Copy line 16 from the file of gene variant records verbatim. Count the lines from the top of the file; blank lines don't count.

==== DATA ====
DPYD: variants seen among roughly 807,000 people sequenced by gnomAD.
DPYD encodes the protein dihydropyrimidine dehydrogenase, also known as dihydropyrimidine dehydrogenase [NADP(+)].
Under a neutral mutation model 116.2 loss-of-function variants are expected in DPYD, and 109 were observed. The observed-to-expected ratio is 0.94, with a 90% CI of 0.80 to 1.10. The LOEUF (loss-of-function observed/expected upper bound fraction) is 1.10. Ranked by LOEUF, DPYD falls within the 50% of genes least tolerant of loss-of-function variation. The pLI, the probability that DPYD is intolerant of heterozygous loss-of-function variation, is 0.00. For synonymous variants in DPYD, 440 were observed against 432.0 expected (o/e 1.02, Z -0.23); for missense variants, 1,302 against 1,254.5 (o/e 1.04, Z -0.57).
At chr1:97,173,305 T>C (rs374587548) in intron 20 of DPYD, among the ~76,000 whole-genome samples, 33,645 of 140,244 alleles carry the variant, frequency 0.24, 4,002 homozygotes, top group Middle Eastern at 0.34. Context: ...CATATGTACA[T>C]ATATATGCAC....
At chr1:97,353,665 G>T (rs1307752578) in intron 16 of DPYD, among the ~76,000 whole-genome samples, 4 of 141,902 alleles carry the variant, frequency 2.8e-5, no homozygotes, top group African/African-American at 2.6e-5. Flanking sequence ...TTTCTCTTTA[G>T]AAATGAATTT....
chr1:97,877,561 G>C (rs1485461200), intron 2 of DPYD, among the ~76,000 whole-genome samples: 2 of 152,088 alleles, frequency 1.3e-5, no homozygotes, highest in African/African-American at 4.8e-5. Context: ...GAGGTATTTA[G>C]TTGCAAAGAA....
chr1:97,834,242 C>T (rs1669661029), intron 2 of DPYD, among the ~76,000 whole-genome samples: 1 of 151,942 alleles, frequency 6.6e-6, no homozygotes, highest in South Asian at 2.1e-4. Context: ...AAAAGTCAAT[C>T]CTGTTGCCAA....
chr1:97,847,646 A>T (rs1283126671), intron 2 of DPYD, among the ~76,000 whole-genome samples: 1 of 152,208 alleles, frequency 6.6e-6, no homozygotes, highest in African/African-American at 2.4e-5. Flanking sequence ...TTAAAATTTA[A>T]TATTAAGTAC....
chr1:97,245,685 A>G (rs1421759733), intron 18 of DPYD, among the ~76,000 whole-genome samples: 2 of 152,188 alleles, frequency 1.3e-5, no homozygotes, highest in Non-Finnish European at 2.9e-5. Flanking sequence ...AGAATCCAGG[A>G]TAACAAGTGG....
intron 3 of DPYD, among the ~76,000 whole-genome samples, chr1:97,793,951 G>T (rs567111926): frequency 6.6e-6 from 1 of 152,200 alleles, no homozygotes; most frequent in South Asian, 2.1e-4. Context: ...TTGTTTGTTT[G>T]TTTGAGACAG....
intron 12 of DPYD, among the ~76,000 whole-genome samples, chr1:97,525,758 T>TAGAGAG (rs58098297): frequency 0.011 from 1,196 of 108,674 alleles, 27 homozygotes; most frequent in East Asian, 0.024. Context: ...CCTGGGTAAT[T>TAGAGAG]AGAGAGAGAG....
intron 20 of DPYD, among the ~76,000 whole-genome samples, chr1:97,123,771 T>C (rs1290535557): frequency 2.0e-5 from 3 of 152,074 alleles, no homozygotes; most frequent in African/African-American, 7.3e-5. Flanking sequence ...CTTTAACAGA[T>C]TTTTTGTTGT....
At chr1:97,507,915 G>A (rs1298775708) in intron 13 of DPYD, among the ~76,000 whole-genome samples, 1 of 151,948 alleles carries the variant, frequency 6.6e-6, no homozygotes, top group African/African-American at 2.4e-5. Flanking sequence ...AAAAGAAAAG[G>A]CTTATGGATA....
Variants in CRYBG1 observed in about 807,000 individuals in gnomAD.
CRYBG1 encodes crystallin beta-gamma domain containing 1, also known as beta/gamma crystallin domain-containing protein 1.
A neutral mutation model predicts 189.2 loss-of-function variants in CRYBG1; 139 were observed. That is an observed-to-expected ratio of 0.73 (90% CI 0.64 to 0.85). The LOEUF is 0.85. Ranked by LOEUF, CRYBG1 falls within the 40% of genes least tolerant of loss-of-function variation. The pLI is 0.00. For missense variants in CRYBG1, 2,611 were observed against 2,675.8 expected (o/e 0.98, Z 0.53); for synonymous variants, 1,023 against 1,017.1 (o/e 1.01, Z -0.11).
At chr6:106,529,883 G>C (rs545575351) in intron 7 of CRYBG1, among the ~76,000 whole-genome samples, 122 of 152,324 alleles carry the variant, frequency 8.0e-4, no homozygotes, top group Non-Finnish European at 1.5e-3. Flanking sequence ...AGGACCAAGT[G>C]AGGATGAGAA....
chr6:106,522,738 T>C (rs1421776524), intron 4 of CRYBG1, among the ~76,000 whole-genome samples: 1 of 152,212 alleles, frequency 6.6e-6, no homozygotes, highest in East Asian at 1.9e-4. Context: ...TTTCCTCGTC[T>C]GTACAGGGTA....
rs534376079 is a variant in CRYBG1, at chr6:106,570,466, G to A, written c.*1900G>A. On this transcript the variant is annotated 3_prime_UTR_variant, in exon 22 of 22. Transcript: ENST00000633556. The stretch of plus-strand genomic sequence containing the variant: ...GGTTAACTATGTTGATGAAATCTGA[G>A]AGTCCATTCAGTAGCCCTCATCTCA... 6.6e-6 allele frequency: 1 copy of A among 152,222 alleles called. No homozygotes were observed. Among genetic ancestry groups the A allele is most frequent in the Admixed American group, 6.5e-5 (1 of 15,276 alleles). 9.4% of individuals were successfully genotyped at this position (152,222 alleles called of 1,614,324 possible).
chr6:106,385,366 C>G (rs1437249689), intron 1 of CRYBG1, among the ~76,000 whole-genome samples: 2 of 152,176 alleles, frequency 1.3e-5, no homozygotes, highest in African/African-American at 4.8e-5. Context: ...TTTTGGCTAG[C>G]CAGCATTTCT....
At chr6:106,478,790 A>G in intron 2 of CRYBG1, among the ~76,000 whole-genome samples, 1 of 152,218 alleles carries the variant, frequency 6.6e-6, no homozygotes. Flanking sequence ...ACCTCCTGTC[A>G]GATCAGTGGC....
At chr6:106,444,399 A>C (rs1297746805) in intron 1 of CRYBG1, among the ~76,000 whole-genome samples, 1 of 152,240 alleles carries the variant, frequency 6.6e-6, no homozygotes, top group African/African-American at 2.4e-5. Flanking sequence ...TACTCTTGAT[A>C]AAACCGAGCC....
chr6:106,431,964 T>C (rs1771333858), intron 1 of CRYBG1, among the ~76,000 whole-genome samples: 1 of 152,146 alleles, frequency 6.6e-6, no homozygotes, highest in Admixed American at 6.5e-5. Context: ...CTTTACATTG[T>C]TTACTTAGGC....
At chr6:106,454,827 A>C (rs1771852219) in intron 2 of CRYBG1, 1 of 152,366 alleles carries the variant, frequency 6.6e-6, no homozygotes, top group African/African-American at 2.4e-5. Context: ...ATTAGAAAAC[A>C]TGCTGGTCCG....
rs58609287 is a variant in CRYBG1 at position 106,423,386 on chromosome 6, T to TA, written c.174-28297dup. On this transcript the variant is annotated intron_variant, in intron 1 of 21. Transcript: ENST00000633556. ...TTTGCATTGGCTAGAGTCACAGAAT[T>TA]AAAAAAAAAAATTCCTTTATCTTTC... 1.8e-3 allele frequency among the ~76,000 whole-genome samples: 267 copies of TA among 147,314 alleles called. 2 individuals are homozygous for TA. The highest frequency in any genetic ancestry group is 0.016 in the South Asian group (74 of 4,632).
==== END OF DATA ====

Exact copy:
A neutral mutation model predicts 189.2 loss-of-function variants in CRYBG1; 139 were observed. That is an observed-to-expected ratio of 0.73 (90% CI 0.64 to 0.85). The LOEUF is 0.85. Ranked by LOEUF, CRYBG1 falls within the 40% of genes least tolerant of loss-of-function variation. The pLI is 0.00. For missense variants in CRYBG1, 2,611 were observed against 2,675.8 expected (o/e 0.98, Z 0.53); for synonymous variants, 1,023 against 1,017.1 (o/e 1.01, Z -0.11).